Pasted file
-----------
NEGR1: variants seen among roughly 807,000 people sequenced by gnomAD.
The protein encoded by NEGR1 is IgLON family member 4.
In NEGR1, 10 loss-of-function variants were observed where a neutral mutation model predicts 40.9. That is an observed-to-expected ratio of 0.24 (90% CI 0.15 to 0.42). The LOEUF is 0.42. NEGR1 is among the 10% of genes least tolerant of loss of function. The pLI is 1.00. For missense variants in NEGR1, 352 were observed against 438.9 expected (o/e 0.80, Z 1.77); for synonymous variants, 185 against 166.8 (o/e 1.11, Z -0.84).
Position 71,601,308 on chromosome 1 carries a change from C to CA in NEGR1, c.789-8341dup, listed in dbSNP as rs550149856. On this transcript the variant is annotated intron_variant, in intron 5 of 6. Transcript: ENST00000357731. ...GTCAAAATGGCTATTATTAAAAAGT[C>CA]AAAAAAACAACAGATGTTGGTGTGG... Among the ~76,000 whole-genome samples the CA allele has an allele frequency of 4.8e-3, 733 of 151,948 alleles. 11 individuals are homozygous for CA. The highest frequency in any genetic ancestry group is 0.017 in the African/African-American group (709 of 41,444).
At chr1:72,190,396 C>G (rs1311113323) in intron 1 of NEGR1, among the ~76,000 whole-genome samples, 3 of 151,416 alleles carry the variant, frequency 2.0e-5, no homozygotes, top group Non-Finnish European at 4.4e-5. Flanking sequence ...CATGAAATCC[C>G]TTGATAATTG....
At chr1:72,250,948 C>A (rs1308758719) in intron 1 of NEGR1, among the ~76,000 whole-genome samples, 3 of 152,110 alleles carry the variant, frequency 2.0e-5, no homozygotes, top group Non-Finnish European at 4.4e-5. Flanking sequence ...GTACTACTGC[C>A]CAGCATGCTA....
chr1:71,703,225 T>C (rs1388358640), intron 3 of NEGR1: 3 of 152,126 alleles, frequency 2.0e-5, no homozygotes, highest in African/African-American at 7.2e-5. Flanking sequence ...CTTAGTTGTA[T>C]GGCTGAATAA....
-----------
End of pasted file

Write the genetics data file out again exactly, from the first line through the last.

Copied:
NEGR1: variants seen among roughly 807,000 people sequenced by gnomAD.
The protein encoded by NEGR1 is IgLON family member 4.
In NEGR1, 10 loss-of-function variants were observed where a neutral mutation model predicts 40.9. That is an observed-to-expected ratio of 0.24 (90% CI 0.15 to 0.42). The LOEUF is 0.42. NEGR1 is among the 10% of genes least tolerant of loss of function. The pLI is 1.00. For missense variants in NEGR1, 352 were observed against 438.9 expected (o/e 0.80, Z 1.77); for synonymous variants, 185 against 166.8 (o/e 1.11, Z -0.84).
Position 71,601,308 on chromosome 1 carries a change from C to CA in NEGR1, c.789-8341dup, listed in dbSNP as rs550149856. On this transcript the variant is annotated intron_variant, in intron 5 of 6. Transcript: ENST00000357731. ...GTCAAAATGGCTATTATTAAAAAGT[C>CA]AAAAAAACAACAGATGTTGGTGTGG... Among the ~76,000 whole-genome samples the CA allele has an allele frequency of 4.8e-3, 733 of 151,948 alleles. 11 individuals are homozygous for CA. The highest frequency in any genetic ancestry group is 0.017 in the African/African-American group (709 of 41,444).
At chr1:72,190,396 C>G (rs1311113323) in intron 1 of NEGR1, among the ~76,000 whole-genome samples, 3 of 151,416 alleles carry the variant, frequency 2.0e-5, no homozygotes, top group Non-Finnish European at 4.4e-5. Flanking sequence ...CATGAAATCC[C>G]TTGATAATTG....
At chr1:72,250,948 C>A (rs1308758719) in intron 1 of NEGR1, among the ~76,000 whole-genome samples, 3 of 152,110 alleles carry the variant, frequency 2.0e-5, no homozygotes, top group Non-Finnish European at 4.4e-5. Flanking sequence ...GTACTACTGC[C>A]CAGCATGCTA....
chr1:71,703,225 T>C (rs1388358640), intron 3 of NEGR1: 3 of 152,126 alleles, frequency 2.0e-5, no homozygotes, highest in African/African-American at 7.2e-5. Flanking sequence ...CTTAGTTGTA[T>C]GGCTGAATAA....